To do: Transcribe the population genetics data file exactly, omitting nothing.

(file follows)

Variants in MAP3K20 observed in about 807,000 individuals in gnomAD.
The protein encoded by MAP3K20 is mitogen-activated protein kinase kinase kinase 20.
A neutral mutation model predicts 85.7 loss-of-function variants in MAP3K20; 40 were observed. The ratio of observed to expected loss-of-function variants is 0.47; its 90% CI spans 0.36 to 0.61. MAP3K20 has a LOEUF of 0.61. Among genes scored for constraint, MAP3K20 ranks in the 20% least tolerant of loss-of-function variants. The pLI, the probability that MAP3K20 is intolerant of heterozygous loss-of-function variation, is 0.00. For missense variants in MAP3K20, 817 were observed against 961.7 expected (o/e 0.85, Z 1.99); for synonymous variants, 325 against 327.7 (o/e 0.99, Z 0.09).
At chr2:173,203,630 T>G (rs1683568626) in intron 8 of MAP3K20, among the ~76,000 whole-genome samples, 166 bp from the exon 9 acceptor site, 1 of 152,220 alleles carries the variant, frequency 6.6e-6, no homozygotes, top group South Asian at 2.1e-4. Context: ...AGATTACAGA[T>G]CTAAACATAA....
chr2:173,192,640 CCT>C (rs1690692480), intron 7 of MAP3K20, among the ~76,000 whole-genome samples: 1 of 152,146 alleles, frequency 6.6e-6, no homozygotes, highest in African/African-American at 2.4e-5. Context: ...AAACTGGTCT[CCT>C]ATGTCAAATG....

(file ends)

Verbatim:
Variants in MAP3K20 observed in about 807,000 individuals in gnomAD.
The protein encoded by MAP3K20 is mitogen-activated protein kinase kinase kinase 20.
A neutral mutation model predicts 85.7 loss-of-function variants in MAP3K20; 40 were observed. The ratio of observed to expected loss-of-function variants is 0.47; its 90% CI spans 0.36 to 0.61. MAP3K20 has a LOEUF of 0.61. Among genes scored for constraint, MAP3K20 ranks in the 20% least tolerant of loss-of-function variants. The pLI, the probability that MAP3K20 is intolerant of heterozygous loss-of-function variation, is 0.00. For missense variants in MAP3K20, 817 were observed against 961.7 expected (o/e 0.85, Z 1.99); for synonymous variants, 325 against 327.7 (o/e 0.99, Z 0.09).
At chr2:173,203,630 T>G (rs1683568626) in intron 8 of MAP3K20, among the ~76,000 whole-genome samples, 166 bp from the exon 9 acceptor site, 1 of 152,220 alleles carries the variant, frequency 6.6e-6, no homozygotes, top group South Asian at 2.1e-4. Context: ...AGATTACAGA[T>G]CTAAACATAA....
chr2:173,192,640 CCT>C (rs1690692480), intron 7 of MAP3K20, among the ~76,000 whole-genome samples: 1 of 152,146 alleles, frequency 6.6e-6, no homozygotes, highest in African/African-American at 2.4e-5. Context: ...AAACTGGTCT[CCT>C]ATGTCAAATG....